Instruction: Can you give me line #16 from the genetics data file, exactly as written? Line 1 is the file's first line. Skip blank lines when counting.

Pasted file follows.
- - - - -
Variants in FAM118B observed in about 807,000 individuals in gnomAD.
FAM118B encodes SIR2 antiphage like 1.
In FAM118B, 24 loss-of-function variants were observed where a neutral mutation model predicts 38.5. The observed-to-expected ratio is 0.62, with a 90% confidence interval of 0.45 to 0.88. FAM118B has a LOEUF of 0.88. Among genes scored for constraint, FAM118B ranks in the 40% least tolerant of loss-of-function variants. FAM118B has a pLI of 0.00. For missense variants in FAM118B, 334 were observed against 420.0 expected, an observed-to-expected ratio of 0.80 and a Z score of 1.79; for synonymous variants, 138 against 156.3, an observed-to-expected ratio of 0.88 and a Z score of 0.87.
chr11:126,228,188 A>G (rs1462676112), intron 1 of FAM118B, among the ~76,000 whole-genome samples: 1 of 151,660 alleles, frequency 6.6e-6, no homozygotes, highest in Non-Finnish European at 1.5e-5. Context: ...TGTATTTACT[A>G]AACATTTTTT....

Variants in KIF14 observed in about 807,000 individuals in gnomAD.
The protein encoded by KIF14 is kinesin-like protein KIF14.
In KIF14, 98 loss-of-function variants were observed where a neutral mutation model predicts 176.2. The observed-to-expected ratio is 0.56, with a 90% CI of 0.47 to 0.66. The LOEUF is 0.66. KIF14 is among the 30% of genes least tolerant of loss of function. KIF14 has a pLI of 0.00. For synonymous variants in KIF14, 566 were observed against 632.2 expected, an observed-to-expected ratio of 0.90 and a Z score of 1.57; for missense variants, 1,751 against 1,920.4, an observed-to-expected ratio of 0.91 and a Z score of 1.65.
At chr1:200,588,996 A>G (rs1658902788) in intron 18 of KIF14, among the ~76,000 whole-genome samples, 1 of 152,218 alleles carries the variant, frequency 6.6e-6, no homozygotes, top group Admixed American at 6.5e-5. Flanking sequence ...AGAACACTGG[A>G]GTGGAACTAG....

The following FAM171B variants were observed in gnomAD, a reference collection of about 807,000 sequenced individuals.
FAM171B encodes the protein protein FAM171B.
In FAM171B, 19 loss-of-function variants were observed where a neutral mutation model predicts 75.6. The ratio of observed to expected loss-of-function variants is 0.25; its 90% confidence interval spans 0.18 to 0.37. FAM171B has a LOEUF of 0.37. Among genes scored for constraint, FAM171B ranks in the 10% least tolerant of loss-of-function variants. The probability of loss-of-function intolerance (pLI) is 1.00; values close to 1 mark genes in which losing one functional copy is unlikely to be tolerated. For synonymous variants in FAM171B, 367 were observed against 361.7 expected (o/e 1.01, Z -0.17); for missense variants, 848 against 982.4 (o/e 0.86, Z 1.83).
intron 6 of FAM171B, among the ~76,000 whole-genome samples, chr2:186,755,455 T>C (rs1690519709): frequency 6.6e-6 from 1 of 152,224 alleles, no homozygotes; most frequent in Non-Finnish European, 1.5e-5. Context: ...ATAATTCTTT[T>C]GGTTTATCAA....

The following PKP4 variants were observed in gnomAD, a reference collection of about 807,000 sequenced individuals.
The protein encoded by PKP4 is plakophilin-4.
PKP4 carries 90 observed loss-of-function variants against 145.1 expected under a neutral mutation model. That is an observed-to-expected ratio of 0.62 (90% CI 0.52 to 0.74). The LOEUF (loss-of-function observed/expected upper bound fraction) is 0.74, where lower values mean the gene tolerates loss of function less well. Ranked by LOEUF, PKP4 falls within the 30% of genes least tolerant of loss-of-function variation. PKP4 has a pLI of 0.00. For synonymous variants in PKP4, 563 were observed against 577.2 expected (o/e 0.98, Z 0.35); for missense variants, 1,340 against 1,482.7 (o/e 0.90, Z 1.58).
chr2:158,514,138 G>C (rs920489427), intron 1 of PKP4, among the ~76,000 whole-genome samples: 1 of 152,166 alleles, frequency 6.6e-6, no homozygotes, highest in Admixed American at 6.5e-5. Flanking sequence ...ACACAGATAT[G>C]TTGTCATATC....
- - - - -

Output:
chr2:158,514,138 G>C (rs920489427), intron 1 of PKP4, among the ~76,000 whole-genome samples: 1 of 152,166 alleles, frequency 6.6e-6, no homozygotes, highest in Admixed American at 6.5e-5. Flanking sequence ...ACACAGATAT[G>C]TTGTCATATC....